Food magazines worldwide have redefined the term plant-based over the years to the point where many of their followers now face a barrage of sheer and constant confusion.

A good example of how such confusion develops was delivered to the email boxes of thousands of New Zealand’s Healthy Food Guide (HFG) readers last Thursday afternoon.

In this message HFG’s editor, Jenny de Montalk, says:

“Plant-based simply means a healthy diet based mostly on foods derived from plants, such as veges, fruit, whole grains, legumes, nuts and seeds, but including, to a lesser degree, meat and animal products, if you want to eat them.”

We have no dispute with the first part of her explanation but, for evidence based eaters like ourselves her definition runs right off the rails where it suggests that meat and animal products can be included “if you want to eat them.”

For us there is a clear distinction about what it means to be plant-based. In fact, this shortened form of the full terminology is not something evidence based eaters prefer because it tends to leave the door open to the kind of confusion referred to above. The term evidenced based eating is relatively new and its followers are often referred to as EBE’s by the very affable Southland GP, Dr Martyn Williamson.

Lately, one of the better descriptions we’ve come across for defining this type of eating is used regularly in personal presentations by plant-based advocate, Dr Luke Wilson, of Wellington.

As Dr Wilson puts it,  if you’re ever wondering whether a particular food is good to eat, you only need ask yourself two questions:

1. Is it from a plant?

2. How close is it to something plucked from a tree, picked from a bush, or pulled from the earth?

Dr Wilson is the New Zealand ambassador on the newly formed Australasian group, Doctors for Nutrition. Doctors for Nutrition last month ran two well attended health symposiums in Auckland and Wellington and also managed to garner a small amount of traditional media attention.

The term ‘whole food plant-based’, was originally coined by renowned American biochemist T Colin Campbell.

He describes how he arrived at it in a brief but interesting article published on his Nutrition Studies website where he explains that the term ‘plant-based’ was something he first came up with in 1982 and later added ‘whole food’ to the nomenclature because of “the inappropriate use of nutrient supplements.”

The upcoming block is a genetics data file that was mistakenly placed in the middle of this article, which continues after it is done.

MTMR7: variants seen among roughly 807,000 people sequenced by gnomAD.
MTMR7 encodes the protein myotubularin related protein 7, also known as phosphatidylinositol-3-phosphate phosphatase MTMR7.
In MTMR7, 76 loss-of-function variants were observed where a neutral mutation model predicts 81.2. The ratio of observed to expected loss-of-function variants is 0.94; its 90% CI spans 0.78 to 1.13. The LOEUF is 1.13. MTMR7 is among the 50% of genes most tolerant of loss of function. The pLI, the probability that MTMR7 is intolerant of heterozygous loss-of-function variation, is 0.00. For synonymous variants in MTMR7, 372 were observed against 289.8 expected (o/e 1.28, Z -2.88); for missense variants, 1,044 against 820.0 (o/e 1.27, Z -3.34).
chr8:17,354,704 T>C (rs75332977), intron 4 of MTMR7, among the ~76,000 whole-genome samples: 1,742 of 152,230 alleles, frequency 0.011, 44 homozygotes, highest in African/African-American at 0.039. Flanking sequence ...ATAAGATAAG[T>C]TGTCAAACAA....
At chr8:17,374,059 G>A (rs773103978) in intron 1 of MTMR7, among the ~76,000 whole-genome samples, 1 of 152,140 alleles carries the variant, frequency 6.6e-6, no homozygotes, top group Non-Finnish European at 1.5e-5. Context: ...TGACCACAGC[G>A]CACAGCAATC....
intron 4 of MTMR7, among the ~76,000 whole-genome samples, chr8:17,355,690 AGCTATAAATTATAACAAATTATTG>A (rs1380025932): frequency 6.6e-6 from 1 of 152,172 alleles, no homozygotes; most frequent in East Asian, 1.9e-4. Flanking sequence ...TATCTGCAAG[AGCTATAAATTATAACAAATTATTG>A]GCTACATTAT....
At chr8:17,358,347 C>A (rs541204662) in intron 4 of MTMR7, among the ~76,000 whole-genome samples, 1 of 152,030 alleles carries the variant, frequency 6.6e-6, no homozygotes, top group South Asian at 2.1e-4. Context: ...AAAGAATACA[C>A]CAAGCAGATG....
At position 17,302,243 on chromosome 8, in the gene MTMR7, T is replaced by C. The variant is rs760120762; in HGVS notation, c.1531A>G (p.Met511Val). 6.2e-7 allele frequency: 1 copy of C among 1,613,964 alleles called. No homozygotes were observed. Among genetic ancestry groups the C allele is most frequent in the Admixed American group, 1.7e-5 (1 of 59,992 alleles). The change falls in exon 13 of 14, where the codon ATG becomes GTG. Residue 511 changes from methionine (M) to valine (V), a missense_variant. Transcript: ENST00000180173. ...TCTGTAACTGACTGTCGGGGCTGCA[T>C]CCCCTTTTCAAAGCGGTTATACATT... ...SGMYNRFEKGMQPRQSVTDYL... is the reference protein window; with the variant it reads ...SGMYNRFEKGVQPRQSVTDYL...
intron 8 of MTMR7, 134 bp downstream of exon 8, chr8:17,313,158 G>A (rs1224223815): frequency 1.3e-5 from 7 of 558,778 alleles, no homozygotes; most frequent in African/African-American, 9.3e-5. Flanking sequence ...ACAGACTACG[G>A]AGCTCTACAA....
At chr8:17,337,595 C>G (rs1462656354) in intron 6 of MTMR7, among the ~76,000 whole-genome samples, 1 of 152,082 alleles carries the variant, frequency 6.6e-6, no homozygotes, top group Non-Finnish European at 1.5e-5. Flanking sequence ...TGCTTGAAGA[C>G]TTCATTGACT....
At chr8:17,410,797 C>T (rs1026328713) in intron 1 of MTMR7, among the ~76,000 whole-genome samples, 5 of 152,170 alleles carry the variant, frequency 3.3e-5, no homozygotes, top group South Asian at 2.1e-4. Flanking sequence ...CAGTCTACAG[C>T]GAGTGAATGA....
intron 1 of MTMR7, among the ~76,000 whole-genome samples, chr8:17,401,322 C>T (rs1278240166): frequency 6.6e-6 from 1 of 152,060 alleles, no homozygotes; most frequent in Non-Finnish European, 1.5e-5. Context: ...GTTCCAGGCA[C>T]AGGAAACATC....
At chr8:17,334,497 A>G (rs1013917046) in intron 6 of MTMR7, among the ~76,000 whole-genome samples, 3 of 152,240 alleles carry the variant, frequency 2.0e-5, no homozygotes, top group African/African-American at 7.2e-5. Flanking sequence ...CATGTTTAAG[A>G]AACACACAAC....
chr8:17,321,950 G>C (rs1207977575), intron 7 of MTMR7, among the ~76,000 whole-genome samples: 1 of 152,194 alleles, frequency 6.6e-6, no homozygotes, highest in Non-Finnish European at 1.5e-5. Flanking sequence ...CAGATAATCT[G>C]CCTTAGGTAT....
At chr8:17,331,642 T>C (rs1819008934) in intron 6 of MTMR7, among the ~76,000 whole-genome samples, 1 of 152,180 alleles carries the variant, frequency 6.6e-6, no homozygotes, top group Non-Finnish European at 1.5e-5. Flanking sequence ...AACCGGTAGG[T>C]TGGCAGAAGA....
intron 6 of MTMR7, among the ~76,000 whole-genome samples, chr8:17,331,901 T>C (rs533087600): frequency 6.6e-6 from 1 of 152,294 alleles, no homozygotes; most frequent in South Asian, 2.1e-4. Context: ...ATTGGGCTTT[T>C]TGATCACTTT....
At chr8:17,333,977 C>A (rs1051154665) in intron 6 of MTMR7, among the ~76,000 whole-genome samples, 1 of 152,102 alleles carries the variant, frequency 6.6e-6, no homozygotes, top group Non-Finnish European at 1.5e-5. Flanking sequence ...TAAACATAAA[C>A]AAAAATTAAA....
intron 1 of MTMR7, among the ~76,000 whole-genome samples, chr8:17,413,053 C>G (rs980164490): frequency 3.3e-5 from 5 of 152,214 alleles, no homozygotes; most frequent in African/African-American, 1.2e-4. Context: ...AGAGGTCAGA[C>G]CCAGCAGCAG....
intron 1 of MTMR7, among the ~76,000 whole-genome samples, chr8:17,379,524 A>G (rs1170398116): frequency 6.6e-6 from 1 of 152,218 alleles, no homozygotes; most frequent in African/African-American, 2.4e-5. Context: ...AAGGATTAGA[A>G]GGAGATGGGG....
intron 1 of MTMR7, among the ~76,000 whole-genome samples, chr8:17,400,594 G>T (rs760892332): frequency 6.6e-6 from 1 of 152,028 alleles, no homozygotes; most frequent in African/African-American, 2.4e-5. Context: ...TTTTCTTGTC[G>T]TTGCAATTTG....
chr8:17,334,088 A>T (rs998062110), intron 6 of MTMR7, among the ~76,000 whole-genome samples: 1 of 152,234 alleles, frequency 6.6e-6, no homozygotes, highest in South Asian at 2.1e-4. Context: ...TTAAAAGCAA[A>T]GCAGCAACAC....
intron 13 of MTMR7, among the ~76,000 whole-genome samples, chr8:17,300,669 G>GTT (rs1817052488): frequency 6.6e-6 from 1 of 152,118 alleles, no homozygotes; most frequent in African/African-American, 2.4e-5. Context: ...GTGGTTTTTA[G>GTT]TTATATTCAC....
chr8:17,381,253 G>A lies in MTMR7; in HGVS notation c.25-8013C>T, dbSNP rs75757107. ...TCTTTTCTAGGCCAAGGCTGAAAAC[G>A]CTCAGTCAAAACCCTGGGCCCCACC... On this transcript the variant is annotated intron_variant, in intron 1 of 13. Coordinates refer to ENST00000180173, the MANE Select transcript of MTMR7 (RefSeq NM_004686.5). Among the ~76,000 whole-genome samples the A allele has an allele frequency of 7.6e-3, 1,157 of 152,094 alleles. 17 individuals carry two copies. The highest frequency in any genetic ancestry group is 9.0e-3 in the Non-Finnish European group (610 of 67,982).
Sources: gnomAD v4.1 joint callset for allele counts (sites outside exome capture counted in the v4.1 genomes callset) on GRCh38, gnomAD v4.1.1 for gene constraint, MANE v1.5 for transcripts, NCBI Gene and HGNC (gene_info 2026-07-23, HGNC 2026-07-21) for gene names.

Thus the acronym WFPB, whole food plant-based, was born and is still used by a growing movement of people who are Vegan by association but came in via a different path.

Some because of medical events like heart attack or stroke but others because they simply became wise after reading books like The China Study or watching Fork Over Knives – seminal works in this area.

Many evidenced based eaters are proud to call themselves Vegan today but, not having arrived here from any other ethical standpoint, can sometimes be surprised to discover that their friends now view them as Vegan although Vegans themselves don’t class them that way by definition.

Campbell however draws a distinction between WFPB and a traditional Vegan diet which tends to define itself by what it excludes whereas “a WFPB diet is defined also by what it emphasizes: a large variety of whole foods,” he says.

Over the years avid food writers have become more than a little confused about all this and now, if one of New Zealand’s most prominent food magazines is to be believed, you can still include meat and animal products if you want them.

Every year food magazines take millions from meat and animal product producing industries to flesh out pages with recipes thousands of people now avoid.

Many food magazine writers are aware of this and, perhaps in an effort to preserve their secure pay packets, try to keep a foot in both camps. All round, for farmers, foodies and cuisine writers alike we’re in the midst of a gut wrenching problem.

And, as familiar as they are with big words like degustation, traditional food reviewers are at a total loss when it comes to describing the sensory delights of a good, whole food plant-based meal. Unless totally converted, their traditional diet taste buds will always deny them the full pleasure.

This puts food mags like Healthy Food Guide, and many others, in something of an ethical bind.

On the one hand they know whole food plant-based is really the healthy way to go but, somehow, you can also serve meat with that if you want.

Mixing up the message can only prolong unnecessary misery for millions.

Got a question?

If you have a question about what Whole Food Eating is all about then you need to check out our FAQ section.